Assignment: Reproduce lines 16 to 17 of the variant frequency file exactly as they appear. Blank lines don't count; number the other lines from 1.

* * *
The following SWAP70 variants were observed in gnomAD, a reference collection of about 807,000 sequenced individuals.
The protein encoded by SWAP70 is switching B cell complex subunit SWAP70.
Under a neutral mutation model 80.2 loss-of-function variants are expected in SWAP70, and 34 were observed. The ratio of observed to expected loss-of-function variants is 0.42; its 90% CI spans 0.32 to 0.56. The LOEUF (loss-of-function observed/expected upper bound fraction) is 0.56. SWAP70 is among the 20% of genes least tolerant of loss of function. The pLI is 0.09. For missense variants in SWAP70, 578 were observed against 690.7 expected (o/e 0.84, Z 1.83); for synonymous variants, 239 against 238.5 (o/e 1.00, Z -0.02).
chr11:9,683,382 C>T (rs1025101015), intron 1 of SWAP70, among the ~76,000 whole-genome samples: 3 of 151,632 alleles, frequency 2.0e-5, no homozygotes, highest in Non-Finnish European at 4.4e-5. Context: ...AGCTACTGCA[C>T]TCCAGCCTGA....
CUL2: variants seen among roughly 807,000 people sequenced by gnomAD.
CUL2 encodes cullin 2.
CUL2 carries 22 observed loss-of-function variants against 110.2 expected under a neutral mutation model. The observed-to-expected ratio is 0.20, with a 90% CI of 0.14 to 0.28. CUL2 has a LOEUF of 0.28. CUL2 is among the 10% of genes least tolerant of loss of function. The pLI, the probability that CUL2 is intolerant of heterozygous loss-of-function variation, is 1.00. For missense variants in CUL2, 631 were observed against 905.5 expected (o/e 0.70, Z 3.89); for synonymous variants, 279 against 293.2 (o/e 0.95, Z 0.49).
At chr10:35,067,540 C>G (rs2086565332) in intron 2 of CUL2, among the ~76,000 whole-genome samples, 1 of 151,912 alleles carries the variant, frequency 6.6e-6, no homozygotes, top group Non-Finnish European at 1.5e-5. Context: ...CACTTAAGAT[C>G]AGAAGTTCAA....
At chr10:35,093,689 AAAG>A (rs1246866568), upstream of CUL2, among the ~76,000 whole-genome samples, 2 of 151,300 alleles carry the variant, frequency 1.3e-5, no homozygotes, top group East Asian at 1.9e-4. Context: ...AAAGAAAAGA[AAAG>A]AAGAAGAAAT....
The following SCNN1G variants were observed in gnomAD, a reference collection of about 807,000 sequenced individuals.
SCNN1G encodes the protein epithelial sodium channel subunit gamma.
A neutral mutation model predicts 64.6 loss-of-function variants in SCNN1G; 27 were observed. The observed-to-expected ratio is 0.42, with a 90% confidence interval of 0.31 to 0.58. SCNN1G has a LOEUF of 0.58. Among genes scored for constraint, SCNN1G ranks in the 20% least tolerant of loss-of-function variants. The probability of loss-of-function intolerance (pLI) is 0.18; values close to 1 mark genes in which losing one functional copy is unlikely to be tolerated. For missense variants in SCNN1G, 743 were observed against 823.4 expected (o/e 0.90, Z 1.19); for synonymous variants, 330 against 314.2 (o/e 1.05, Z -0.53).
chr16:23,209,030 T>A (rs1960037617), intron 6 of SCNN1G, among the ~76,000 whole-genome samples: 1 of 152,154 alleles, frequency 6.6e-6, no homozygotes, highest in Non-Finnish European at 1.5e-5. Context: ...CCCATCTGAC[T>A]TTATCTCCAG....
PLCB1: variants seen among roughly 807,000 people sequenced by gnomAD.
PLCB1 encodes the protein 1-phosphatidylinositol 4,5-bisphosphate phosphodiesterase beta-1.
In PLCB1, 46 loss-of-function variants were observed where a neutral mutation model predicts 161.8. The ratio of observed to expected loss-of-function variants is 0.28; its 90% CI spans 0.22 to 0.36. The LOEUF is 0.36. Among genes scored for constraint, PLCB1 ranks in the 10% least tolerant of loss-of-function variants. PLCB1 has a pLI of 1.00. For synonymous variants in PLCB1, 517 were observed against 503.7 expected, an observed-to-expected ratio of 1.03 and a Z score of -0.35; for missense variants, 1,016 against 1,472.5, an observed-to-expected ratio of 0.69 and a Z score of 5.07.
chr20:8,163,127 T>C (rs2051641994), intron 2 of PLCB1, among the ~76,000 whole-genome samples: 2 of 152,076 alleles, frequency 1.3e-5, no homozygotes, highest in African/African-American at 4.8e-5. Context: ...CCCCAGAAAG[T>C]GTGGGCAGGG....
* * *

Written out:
In PLCB1, 46 loss-of-function variants were observed where a neutral mutation model predicts 161.8. The ratio of observed to expected loss-of-function variants is 0.28; its 90% CI spans 0.22 to 0.36. The LOEUF is 0.36. Among genes scored for constraint, PLCB1 ranks in the 10% least tolerant of loss-of-function variants. PLCB1 has a pLI of 1.00. For synonymous variants in PLCB1, 517 were observed against 503.7 expected, an observed-to-expected ratio of 1.03 and a Z score of -0.35; for missense variants, 1,016 against 1,472.5, an observed-to-expected ratio of 0.69 and a Z score of 5.07.
chr20:8,163,127 T>C (rs2051641994), intron 2 of PLCB1, among the ~76,000 whole-genome samples: 2 of 152,076 alleles, frequency 1.3e-5, no homozygotes, highest in African/African-American at 4.8e-5. Context: ...CCCCAGAAAG[T>C]GTGGGCAGGG....